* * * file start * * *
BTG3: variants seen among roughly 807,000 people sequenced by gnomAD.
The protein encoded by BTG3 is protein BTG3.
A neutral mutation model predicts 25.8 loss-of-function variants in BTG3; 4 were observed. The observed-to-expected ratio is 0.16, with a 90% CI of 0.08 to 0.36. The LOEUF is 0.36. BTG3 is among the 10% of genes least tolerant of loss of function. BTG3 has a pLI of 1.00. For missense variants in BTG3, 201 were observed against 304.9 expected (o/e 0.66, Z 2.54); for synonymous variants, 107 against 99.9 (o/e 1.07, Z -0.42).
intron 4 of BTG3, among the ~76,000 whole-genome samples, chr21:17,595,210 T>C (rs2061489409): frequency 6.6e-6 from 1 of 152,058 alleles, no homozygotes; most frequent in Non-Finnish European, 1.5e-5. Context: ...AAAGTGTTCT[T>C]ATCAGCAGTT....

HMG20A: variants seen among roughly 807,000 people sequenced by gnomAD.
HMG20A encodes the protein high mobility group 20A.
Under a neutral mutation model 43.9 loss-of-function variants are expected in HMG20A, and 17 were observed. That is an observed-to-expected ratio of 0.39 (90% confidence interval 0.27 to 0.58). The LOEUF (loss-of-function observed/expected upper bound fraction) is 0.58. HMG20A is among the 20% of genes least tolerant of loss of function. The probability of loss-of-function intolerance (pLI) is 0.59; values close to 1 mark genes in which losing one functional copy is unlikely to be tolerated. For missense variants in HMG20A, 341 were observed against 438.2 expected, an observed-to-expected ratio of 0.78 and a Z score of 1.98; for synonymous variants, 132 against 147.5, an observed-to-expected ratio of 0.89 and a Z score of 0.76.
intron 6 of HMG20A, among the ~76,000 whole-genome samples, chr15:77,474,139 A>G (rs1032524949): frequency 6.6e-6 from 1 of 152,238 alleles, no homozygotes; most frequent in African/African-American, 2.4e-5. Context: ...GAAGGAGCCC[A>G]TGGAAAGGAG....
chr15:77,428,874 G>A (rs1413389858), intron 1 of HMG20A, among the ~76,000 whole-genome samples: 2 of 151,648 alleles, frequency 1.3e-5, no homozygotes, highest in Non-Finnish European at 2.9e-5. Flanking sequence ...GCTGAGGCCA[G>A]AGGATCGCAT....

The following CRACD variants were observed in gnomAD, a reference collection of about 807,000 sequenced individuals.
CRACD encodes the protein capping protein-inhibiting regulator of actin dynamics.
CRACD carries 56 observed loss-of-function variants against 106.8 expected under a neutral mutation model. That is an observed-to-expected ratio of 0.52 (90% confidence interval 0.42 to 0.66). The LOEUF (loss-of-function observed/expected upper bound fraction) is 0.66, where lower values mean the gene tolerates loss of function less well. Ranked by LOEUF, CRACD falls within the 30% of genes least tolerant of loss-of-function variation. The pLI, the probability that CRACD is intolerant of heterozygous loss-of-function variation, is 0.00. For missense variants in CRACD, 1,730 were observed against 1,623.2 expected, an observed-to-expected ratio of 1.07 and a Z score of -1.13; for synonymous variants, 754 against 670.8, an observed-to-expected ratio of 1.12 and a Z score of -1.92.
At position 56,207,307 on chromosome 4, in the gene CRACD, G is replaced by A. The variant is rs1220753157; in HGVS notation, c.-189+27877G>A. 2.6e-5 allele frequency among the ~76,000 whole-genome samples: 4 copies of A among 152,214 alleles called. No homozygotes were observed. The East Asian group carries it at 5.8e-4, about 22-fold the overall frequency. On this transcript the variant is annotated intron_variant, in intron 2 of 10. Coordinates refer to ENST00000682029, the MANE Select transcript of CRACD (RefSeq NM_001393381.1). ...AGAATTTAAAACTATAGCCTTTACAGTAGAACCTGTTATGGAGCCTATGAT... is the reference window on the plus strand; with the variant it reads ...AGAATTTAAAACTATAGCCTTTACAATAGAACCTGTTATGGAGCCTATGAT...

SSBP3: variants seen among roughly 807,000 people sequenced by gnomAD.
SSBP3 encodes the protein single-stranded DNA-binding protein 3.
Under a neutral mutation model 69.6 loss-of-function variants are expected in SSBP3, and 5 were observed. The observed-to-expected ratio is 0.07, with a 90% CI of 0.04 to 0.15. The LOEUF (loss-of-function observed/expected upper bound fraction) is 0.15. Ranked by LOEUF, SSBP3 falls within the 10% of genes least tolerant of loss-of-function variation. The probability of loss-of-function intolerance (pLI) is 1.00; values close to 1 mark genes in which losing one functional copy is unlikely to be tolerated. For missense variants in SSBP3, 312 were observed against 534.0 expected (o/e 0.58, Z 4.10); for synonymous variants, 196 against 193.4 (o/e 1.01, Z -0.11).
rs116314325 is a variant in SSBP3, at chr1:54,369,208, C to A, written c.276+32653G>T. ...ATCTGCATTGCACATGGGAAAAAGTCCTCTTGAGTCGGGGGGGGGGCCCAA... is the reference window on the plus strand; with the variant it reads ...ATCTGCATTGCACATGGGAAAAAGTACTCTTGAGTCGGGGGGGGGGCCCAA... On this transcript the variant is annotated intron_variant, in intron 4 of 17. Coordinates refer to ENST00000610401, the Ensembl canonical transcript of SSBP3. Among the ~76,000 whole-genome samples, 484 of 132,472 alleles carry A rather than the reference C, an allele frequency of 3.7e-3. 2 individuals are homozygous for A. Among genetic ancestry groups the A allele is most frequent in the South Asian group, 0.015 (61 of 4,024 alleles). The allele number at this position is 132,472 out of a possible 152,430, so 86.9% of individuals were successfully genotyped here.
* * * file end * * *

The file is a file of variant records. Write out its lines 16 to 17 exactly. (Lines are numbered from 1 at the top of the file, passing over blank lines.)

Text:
Under a neutral mutation model 69.6 loss-of-function variants are expected in SSBP3, and 5 were observed. The observed-to-expected ratio is 0.07, with a 90% CI of 0.04 to 0.15. The LOEUF (loss-of-function observed/expected upper bound fraction) is 0.15. Ranked by LOEUF, SSBP3 falls within the 10% of genes least tolerant of loss-of-function variation. The probability of loss-of-function intolerance (pLI) is 1.00; values close to 1 mark genes in which losing one functional copy is unlikely to be tolerated. For missense variants in SSBP3, 312 were observed against 534.0 expected (o/e 0.58, Z 4.10); for synonymous variants, 196 against 193.4 (o/e 1.01, Z -0.11).
rs116314325 is a variant in SSBP3, at chr1:54,369,208, C to A, written c.276+32653G>T. ...ATCTGCATTGCACATGGGAAAAAGTCCTCTTGAGTCGGGGGGGGGGCCCAA... is the reference window on the plus strand; with the variant it reads ...ATCTGCATTGCACATGGGAAAAAGTACTCTTGAGTCGGGGGGGGGGCCCAA... On this transcript the variant is annotated intron_variant, in intron 4 of 17. Coordinates refer to ENST00000610401, the Ensembl canonical transcript of SSBP3. Among the ~76,000 whole-genome samples, 484 of 132,472 alleles carry A rather than the reference C, an allele frequency of 3.7e-3. 2 individuals are homozygous for A. Among genetic ancestry groups the A allele is most frequent in the South Asian group, 0.015 (61 of 4,024 alleles). The allele number at this position is 132,472 out of a possible 152,430, so 86.9% of individuals were successfully genotyped here.